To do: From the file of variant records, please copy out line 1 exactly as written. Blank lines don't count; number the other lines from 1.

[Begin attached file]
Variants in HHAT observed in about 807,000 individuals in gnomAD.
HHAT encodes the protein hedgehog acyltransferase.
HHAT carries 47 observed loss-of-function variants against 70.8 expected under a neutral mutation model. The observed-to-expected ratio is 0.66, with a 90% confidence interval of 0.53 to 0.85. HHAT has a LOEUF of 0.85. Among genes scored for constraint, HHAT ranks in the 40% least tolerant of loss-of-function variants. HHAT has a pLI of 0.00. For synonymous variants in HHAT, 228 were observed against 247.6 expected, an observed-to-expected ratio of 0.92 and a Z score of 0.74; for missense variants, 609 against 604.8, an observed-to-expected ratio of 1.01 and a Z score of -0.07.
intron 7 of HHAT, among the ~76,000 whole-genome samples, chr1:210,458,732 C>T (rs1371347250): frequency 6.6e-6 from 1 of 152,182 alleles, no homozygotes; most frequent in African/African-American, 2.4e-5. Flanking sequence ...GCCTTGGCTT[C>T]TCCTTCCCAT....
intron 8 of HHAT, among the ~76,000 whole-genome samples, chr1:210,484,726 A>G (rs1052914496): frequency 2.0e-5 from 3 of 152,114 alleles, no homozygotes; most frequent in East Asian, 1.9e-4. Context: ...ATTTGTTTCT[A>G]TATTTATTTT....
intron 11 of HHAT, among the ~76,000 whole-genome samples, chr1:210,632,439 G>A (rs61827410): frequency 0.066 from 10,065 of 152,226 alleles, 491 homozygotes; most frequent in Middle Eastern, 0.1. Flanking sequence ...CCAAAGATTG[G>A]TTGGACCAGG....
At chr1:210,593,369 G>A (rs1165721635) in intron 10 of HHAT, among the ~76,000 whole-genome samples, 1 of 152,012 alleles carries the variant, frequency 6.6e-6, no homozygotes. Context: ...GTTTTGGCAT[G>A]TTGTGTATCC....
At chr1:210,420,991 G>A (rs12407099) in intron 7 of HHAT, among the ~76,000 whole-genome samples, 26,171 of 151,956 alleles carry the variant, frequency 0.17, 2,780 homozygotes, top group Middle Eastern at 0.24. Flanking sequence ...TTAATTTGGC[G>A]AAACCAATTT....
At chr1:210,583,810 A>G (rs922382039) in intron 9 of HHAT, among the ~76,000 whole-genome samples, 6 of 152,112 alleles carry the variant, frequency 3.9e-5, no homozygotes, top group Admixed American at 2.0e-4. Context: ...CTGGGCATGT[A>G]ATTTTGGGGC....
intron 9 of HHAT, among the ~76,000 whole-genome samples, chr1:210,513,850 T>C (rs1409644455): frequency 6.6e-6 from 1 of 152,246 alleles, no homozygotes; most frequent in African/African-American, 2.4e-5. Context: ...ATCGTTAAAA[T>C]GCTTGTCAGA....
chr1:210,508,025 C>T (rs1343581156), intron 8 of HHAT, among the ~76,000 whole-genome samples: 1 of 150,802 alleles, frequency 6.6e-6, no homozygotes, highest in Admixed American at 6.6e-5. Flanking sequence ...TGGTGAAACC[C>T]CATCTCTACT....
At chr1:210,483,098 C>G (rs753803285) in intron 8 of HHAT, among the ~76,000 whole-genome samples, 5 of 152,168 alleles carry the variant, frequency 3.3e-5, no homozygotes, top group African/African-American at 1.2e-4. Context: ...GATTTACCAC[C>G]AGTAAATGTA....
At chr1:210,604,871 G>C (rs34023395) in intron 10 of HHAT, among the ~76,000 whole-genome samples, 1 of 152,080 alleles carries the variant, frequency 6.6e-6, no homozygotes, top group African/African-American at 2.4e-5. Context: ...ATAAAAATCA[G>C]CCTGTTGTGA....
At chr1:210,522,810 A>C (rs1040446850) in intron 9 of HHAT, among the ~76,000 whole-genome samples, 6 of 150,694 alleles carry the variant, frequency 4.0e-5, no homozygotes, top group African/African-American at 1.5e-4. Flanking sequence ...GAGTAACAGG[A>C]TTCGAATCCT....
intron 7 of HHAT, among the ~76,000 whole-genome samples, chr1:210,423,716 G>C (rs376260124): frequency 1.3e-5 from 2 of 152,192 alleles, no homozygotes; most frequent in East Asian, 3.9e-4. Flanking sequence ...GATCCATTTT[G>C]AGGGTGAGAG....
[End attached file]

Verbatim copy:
Variants in HHAT observed in about 807,000 individuals in gnomAD.